Lillian Faderman tells the compelling story of lesbian life in the 20th century, from the early 1900s to today’s diverse lifestyles. Using journals, unpublished manuscripts, songs, news accounts, novels, medical literature, and numerous interviews, she relates an often surprising narrative of lesbian life.
I zipped through Odd Girls and Twilight Lovers: A History of Lesbian Life in Twentieth-Century America by Lillian Faderman.
This was a good book if you’d like semi-decent coverage of a fairly large period of lesbian history. It introduced me to lesbians at different times in history and gave me an overarching idea of how immensely lesbian life and attitudes towards lesbians have shifted and changed during the last hundred-odd years in America.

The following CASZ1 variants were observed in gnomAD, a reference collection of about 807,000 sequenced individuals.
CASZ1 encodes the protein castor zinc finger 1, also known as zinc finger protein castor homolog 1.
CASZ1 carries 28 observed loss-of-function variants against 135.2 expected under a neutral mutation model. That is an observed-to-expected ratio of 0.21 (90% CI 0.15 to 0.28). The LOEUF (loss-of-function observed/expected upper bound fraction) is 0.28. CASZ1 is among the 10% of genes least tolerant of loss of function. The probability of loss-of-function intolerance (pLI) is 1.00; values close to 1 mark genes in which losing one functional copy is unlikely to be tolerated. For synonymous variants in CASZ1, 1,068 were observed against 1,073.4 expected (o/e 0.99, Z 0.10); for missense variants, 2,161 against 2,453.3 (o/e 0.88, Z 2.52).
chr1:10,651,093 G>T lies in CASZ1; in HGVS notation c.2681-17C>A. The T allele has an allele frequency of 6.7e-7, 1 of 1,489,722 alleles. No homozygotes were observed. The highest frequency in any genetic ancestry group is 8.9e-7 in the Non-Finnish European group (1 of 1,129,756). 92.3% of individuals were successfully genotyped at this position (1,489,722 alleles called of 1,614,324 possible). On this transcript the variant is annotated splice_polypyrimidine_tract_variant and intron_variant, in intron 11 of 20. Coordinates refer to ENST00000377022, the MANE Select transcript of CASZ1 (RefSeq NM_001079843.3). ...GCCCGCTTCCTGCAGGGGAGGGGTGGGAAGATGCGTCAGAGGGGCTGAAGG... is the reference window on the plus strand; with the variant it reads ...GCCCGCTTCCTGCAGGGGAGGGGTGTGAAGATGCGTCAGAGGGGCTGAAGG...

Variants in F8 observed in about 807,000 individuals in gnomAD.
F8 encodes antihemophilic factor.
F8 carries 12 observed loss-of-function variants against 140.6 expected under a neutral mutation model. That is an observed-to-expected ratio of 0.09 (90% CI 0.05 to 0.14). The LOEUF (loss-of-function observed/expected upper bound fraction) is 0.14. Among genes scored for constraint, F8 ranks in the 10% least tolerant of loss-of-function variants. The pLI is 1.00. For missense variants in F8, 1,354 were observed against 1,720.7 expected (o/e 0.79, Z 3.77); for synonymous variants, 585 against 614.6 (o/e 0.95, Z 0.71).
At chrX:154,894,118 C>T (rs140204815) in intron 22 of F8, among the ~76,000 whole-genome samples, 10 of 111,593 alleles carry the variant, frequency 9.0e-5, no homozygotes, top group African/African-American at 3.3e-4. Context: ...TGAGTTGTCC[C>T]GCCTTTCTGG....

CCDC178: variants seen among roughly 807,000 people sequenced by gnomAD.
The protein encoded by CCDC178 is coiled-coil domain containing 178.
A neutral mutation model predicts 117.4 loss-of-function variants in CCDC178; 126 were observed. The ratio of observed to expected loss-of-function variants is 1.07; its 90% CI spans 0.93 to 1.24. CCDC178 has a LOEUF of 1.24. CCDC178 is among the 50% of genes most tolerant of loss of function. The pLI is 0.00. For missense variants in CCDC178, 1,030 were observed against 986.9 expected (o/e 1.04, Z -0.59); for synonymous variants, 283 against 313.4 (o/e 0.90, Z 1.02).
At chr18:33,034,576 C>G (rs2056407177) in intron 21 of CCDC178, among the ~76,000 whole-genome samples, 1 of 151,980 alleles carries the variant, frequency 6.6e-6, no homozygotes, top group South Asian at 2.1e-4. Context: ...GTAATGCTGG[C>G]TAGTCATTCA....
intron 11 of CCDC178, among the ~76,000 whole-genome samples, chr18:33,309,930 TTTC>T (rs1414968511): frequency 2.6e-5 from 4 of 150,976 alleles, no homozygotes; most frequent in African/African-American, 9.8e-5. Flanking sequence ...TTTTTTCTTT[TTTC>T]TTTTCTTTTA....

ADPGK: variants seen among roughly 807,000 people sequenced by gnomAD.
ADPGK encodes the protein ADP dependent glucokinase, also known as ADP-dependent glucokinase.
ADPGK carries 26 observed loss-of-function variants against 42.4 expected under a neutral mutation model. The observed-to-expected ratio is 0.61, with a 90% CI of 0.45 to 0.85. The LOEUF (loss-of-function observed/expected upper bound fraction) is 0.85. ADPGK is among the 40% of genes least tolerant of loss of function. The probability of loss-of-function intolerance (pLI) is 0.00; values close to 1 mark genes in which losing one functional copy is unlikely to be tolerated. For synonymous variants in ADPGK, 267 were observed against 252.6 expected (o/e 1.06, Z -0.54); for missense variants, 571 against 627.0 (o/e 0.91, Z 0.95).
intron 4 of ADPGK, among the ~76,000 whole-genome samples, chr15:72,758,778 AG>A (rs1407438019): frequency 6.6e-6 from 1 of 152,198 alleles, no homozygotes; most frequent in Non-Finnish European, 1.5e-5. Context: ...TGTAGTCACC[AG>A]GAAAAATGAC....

I learned more about romantic friendships between women at the turn of the twentieth century—relationships that existed before anyone even knew the term “lesbian,” and which were accepted and encouraged by society.
I learned about the women—apparently mostly lesbians—who served in World War I. Although they were a great asset to the military, they were spied on and threatened with expulsion if their sexual orientation were discovered.
I also learned more about how lesbians fit into the second-wave feminist movement: creating lesbian communes and choosing a lesbian identity in defiance of the patriarchy.
Faderman did attempt to include the experiences of women of color in her book, although unfortunately, there is not as much information about them as I would have liked. If you want a good overview of lesbian history in America, though, this book is a good choice.